• Incidental trapping of mountain lions is a significant problem, utterly ignored by NDOW and NBWC.
  • Alyson Andreasen, Ph.D. reported on her concerns about incidental lion capture in Nevada in a prominent wildlife publication, yet to be recognized by NDOW/NBWC.

No Quotas, No Worries

The most targeted animal in Nevada by trappers is the bobcat. Its pelt price can vary, year to year, ranging from a few hundred dollars per pelt to beyond $1000 some years. Coyotes are sought by some, though pelt prices are usually double-digit values. Foxes, beaver, muskrat, raccoon, otter, and other species are also pursued.

A mountain lion lying down with her cubs. (Photo courtesy of the Nevada Department of Wildlife)

The single important factor that unites all species pursued by trappers is that none have quotas to protect them; not per trapper; not statewide or by region. Trappers are free to kill as many of a species as they can manage in the time allowed.  

Trapping license sales are unlimited as well.  On average, about 1,000 trapping licenses are sold each year. At $40 per license, NDOW receives about $40,000 in annual revenue from trapping license sales.

NDOW’s Law Enforcement Division has an annual budget of about $7 million. If game wardens spend at least 10% of their time on trapping enforcement (quite likely), NDOW is “subsidizing” trapping to the tune of $700,000 per year. Trapping licenses do not pay the costs of the activity.

So, Why are Trappers Defended by Agencies and License Holders?

In a nutshell, trappers are the lead domino in the “domino theory.” Tip over the first domino and the rest fall, too.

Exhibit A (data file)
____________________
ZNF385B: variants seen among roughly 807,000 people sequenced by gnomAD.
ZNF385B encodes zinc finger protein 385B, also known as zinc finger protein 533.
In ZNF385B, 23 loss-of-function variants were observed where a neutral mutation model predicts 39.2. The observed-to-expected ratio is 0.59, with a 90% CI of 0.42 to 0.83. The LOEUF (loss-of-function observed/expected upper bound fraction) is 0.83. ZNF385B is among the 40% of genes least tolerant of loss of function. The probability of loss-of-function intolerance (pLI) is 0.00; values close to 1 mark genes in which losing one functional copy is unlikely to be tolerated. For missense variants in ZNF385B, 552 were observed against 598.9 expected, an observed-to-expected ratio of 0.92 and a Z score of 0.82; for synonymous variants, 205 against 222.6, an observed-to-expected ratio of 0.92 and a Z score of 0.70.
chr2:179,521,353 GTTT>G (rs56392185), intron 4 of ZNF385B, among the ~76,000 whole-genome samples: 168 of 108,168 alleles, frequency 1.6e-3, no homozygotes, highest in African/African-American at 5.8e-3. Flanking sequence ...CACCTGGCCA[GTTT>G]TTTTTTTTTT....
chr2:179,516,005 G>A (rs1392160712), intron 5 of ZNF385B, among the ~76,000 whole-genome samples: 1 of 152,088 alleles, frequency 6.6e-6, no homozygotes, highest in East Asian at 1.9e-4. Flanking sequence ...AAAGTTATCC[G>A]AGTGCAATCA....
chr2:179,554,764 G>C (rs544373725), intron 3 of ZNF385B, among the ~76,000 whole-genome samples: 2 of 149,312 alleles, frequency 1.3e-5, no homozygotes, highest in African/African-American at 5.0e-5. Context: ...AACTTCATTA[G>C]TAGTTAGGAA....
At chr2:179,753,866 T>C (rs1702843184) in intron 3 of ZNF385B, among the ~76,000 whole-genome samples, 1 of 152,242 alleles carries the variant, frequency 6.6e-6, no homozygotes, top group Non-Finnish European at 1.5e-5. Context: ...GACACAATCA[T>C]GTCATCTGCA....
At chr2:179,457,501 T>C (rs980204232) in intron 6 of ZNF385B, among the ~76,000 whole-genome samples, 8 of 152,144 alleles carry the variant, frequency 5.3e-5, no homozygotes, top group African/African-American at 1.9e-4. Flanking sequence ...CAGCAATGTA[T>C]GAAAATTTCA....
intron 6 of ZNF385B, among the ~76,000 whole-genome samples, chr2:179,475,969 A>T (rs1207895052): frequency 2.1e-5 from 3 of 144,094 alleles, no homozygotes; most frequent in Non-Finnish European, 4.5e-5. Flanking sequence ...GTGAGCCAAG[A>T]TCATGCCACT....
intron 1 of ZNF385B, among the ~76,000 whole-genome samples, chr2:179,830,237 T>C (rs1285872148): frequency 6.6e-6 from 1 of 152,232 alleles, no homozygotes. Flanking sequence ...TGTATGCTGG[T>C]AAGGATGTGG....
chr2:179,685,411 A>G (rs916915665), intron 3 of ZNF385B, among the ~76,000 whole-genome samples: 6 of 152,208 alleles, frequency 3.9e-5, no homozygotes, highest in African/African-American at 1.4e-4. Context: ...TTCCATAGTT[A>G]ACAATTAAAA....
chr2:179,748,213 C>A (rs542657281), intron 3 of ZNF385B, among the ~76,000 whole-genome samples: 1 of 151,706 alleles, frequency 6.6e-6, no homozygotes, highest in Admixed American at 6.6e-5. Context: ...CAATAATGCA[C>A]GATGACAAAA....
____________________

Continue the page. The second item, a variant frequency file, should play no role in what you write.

It’s the “slippery slope” argument:  If trappers go, so go our shotguns, our rifles, our bird dogs, our heritage, our “Constitutional right” to kill wildlife.

It has been said that if trapping occurred in supermarket parking lots, trapping would have disappeared long ago. But it occurs out of sight, allowing trappers, agencies, and supporters to minimize the terrible carnage that occurs and spin fanciful narratives that are without merit.

A mountain lion with a snare injury. (Photo courtesy of the Nevada Department of Wildlife)

As long as (so-called) fur-bearing animals are viewed as second-class citizens in the world of wildlife management; as long as “wildlife” means only deer, elk, pronghorn, and bighorn to wildlife agencies, bobcats, coyotes, wolves, foxes, beaver, muskrats, and other species pursued by trappers around the West will receive no relief. 

The Solution:  Reform current wildlife management 

We’re working on it.  

Stay tuned.

Don Molde is a 50-year Reno resident, retired psychiatrist, co-founder of Nevada Wildlife Alliance, former board member of Defenders of Wildlife, and former board member of the Nevada Humane Society. He has been active in wildlife advocacy for 45 years. Support Don’s work here. 

The opinions expressed above are not necessarily those of the Sierra Nevada Ally. Our newsroom remains entirely independent of our opinion page. Published opinions further public conversation to fulfill our civic responsibility to challenge authority, act independently of corporate or political influence, and invite dissent.